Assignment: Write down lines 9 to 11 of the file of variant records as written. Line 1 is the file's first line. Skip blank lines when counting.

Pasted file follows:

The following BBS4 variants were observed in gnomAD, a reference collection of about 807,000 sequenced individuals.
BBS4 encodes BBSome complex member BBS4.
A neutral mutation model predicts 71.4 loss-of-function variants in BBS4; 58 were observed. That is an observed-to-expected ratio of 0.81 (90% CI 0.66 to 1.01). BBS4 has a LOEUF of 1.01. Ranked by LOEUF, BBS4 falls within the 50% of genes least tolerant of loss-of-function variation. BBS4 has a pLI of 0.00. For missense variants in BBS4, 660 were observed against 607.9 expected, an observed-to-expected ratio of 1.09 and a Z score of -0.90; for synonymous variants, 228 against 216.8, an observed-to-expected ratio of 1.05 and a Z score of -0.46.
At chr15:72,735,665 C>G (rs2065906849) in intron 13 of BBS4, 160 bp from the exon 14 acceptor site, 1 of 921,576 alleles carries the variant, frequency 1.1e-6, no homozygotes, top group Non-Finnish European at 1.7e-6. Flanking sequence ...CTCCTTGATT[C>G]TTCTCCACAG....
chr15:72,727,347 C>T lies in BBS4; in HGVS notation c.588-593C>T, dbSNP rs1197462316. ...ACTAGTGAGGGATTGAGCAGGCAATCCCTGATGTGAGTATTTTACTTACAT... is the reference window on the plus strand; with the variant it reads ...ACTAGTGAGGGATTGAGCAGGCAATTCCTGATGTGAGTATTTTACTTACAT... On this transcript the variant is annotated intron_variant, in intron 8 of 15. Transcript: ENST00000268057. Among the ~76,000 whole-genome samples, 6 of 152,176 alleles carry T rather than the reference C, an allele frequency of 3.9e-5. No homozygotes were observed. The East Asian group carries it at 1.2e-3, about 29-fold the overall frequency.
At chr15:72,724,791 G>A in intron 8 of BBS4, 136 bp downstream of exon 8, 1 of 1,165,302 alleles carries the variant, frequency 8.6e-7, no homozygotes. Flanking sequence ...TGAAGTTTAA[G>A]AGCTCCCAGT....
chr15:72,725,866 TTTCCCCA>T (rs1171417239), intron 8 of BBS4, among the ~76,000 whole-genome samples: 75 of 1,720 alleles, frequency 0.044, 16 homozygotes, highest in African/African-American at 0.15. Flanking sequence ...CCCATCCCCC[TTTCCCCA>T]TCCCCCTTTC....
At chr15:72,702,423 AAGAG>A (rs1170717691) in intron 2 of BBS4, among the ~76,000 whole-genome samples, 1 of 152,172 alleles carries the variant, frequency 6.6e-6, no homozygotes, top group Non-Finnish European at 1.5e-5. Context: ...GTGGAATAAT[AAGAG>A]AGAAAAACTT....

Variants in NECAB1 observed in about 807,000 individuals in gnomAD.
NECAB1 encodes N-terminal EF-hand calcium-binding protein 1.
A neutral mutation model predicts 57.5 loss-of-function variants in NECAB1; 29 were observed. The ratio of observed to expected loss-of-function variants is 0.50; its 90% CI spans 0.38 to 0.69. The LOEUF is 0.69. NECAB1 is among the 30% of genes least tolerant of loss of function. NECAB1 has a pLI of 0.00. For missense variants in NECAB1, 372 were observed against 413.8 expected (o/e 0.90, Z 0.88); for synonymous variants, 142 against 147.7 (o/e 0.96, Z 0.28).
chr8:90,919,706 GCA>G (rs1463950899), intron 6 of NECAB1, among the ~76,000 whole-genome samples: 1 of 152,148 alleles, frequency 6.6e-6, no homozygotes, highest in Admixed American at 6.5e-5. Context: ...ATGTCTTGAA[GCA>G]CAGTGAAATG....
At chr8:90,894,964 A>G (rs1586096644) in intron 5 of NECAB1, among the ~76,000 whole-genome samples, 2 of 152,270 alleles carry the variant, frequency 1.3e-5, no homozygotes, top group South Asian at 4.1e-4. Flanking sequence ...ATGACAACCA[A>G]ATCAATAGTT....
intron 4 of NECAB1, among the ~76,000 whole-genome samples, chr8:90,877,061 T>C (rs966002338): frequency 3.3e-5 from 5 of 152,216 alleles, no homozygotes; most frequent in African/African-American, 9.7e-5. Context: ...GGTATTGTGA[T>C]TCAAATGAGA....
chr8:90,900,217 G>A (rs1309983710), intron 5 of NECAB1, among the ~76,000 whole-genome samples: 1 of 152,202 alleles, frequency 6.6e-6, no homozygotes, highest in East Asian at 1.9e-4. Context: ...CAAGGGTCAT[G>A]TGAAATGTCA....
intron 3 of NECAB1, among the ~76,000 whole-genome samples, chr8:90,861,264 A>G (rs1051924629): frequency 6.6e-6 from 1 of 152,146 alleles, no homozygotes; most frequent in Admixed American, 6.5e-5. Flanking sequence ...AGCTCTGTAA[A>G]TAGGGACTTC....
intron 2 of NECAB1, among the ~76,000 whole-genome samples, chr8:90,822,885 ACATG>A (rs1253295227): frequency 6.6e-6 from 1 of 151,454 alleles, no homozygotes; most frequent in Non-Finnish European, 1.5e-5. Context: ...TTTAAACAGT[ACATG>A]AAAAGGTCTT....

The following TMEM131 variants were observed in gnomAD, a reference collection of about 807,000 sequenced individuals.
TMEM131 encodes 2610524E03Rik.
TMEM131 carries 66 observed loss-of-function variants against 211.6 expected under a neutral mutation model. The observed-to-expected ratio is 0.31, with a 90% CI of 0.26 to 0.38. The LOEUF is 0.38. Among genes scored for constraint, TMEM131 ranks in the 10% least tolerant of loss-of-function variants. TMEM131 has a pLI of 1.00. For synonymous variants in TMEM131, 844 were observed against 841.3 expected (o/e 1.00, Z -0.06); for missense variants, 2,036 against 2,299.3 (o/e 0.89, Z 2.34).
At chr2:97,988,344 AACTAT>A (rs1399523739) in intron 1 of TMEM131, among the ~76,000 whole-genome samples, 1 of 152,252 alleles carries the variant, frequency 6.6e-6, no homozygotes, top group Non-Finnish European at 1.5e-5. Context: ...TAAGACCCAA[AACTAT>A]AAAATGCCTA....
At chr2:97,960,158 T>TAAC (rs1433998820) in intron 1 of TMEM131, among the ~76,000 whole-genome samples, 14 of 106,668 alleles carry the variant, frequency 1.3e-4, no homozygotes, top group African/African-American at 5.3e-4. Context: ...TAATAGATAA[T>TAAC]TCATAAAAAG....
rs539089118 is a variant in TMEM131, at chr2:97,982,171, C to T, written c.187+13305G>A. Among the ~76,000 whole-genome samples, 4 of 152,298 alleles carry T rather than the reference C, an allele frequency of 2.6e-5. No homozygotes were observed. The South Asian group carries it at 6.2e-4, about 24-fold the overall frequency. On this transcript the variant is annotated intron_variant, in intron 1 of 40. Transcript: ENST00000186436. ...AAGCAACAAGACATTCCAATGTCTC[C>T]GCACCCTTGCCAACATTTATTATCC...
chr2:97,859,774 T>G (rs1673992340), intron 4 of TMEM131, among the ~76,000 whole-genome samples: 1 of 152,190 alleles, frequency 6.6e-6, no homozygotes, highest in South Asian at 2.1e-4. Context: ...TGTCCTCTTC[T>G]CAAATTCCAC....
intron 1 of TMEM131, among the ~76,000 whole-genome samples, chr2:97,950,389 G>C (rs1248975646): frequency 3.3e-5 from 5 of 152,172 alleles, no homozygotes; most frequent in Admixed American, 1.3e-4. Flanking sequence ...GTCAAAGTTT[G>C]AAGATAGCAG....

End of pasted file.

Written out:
Variants in NECAB1 observed in about 807,000 individuals in gnomAD.
NECAB1 encodes N-terminal EF-hand calcium-binding protein 1.
A neutral mutation model predicts 57.5 loss-of-function variants in NECAB1; 29 were observed. The ratio of observed to expected loss-of-function variants is 0.50; its 90% CI spans 0.38 to 0.69. The LOEUF is 0.69. NECAB1 is among the 30% of genes least tolerant of loss of function. NECAB1 has a pLI of 0.00. For missense variants in NECAB1, 372 were observed against 413.8 expected (o/e 0.90, Z 0.88); for synonymous variants, 142 against 147.7 (o/e 0.96, Z 0.28).